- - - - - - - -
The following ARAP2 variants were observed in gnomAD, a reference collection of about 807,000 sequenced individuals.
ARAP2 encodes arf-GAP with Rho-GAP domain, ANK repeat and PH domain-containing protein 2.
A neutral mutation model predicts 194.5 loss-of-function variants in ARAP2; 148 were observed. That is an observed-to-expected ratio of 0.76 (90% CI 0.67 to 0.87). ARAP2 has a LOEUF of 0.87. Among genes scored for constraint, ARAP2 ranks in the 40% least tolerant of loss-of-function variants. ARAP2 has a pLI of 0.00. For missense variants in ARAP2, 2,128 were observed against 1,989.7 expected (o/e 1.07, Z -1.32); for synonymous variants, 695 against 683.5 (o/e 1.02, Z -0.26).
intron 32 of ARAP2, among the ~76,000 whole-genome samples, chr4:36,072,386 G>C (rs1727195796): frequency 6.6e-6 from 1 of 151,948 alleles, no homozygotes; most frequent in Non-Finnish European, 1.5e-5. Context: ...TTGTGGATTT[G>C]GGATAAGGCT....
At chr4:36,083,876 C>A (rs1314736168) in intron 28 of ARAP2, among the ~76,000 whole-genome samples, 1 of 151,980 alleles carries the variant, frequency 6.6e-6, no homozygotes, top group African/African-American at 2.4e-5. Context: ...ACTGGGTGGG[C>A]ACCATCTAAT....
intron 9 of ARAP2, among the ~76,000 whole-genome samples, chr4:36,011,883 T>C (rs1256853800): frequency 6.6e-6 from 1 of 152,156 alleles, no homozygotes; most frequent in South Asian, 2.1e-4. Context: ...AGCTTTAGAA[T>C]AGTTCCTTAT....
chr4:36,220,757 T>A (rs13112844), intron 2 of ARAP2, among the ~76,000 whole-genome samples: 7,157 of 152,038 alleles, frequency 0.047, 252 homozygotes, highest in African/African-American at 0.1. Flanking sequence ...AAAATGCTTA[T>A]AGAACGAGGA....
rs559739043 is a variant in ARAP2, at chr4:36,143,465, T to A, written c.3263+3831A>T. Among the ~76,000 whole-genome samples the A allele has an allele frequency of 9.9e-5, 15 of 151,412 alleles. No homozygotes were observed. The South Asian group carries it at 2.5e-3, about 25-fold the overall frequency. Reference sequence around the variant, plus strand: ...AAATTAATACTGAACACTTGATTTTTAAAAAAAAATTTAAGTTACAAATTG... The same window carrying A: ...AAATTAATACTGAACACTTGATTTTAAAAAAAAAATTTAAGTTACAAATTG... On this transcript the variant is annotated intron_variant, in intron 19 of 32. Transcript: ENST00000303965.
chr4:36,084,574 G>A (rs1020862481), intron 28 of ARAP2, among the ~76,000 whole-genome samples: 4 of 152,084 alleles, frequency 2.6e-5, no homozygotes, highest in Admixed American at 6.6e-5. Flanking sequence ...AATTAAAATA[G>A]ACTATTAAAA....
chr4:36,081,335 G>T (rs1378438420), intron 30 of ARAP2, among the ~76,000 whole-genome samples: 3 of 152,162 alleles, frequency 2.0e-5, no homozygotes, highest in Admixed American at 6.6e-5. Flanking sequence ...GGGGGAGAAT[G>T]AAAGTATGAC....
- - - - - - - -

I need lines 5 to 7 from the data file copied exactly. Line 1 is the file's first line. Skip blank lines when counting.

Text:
At chr4:36,083,876 C>A (rs1314736168) in intron 28 of ARAP2, among the ~76,000 whole-genome samples, 1 of 151,980 alleles carries the variant, frequency 6.6e-6, no homozygotes, top group African/African-American at 2.4e-5. Context: ...ACTGGGTGGG[C>A]ACCATCTAAT....
intron 9 of ARAP2, among the ~76,000 whole-genome samples, chr4:36,011,883 T>C (rs1256853800): frequency 6.6e-6 from 1 of 152,156 alleles, no homozygotes; most frequent in South Asian, 2.1e-4. Context: ...AGCTTTAGAA[T>C]AGTTCCTTAT....
chr4:36,220,757 T>A (rs13112844), intron 2 of ARAP2, among the ~76,000 whole-genome samples: 7,157 of 152,038 alleles, frequency 0.047, 252 homozygotes, highest in African/African-American at 0.1. Flanking sequence ...AAAATGCTTA[T>A]AGAACGAGGA....